The gray on that graph shows the difference in views of the president between the two parties. While in the past, partisan views of the president had moved up and down roughly in parallel, even through Bush, views are now static — and distant from one another.
If we look solely at the average gap between the parties, there’s a clear trend since the Reagan presidency: the gap in views of the president between the two parties has gone up and up and up. In 2019, that gap was an average of 82 points. That’s up 3 points from the 2018 figure, which was at that time a record gap.
The important data in terms of the impeachment trial, though, are marked with those vertical dashed lines. We’ve marked each of the significant impeachment efforts in the last 100 years, those of Richard Nixon in 1974, Bill Clinton in 1998-1999 and that of Trump.
Nixon, facing imminent impeachment and likely removal, resigned. Clinton was impeached but survived a removal vote. Trump seems poised to do the same.
Notice the trends that preceded those events though. The gap between the parties dropped before Nixon’s resignation — since Republicans soured on him, too. For Clinton, the gap grew: Democrats held steady while Republican views dropped. For Trump, as we said, everyone is sitting at opposite ends of the spectrum and not moving.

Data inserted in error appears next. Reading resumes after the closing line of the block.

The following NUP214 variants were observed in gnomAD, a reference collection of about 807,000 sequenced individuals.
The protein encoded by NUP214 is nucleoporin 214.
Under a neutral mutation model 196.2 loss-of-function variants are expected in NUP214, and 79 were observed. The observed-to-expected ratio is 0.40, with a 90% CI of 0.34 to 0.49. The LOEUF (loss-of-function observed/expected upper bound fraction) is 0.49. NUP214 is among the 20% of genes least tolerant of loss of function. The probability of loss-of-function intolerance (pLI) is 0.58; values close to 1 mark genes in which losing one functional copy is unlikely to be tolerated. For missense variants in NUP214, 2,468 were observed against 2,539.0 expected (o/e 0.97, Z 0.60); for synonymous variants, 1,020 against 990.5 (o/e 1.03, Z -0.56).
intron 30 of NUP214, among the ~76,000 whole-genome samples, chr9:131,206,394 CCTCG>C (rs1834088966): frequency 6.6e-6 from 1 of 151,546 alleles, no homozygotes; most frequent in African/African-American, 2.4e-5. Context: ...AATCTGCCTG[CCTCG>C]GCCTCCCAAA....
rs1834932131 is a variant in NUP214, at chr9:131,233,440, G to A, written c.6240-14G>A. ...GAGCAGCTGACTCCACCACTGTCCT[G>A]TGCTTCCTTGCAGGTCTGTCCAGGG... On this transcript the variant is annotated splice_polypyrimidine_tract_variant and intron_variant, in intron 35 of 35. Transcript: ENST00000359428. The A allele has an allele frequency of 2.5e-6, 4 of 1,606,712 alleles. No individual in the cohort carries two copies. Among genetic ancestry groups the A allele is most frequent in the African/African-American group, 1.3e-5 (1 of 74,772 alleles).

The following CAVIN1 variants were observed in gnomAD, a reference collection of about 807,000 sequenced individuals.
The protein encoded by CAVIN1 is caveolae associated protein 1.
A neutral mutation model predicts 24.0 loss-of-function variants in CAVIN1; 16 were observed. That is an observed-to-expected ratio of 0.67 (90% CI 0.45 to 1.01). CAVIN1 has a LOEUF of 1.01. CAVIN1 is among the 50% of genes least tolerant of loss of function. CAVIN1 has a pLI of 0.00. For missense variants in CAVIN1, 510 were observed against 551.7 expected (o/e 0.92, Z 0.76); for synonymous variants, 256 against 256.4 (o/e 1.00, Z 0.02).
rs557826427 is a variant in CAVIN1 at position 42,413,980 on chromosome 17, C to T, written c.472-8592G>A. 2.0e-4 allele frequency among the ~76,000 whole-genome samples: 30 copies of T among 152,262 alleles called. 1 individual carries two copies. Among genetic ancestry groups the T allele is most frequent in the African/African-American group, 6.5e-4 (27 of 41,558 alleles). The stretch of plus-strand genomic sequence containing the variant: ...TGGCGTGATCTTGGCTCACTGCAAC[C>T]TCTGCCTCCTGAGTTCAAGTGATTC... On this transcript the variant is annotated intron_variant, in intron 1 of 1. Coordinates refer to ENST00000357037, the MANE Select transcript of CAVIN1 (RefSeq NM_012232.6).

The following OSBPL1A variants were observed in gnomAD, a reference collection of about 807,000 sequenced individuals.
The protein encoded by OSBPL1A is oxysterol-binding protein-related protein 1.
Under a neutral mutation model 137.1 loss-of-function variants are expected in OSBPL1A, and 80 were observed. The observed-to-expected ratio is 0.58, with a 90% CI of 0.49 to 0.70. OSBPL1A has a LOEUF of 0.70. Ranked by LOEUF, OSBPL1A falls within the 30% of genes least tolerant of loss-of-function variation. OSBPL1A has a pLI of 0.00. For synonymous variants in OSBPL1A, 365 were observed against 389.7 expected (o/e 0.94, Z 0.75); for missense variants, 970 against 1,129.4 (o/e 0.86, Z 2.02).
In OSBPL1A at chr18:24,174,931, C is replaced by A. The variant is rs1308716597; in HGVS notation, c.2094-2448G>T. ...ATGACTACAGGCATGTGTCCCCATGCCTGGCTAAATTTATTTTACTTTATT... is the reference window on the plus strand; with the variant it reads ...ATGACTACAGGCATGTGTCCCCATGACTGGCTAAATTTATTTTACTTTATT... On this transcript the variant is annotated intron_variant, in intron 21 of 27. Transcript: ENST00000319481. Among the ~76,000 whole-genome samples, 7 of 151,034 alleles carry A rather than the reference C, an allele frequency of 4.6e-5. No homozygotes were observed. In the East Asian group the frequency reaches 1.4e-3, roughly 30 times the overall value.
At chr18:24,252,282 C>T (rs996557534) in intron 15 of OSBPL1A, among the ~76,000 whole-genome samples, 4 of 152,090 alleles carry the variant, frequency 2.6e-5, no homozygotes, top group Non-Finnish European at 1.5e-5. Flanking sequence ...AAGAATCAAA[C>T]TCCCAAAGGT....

The Clinton era, powered in part by former House speaker Newt Gingrich, saw the gap in political ideology in Congress grow more quickly, too. The gap between the parties’ average ideological scores as calculated by Voteview hit a new high at the end of the Clinton presidency. That, too, continued to grow, spiking again under Barack Obama.
The Trump impeachment comes at a moment when views of the president by party and congressional partisanship have never been farther apart. To be removed from office (convicted on the charges of impeachment) Trump would need to see some 20 Republican senators vote against him. With Republican voters strongly supportive of Trump and a deep divide between the parties in the Senate — the widest ideological gap in the Senate on record — that’s almost certainly not going to happen.
As was obvious from the outset.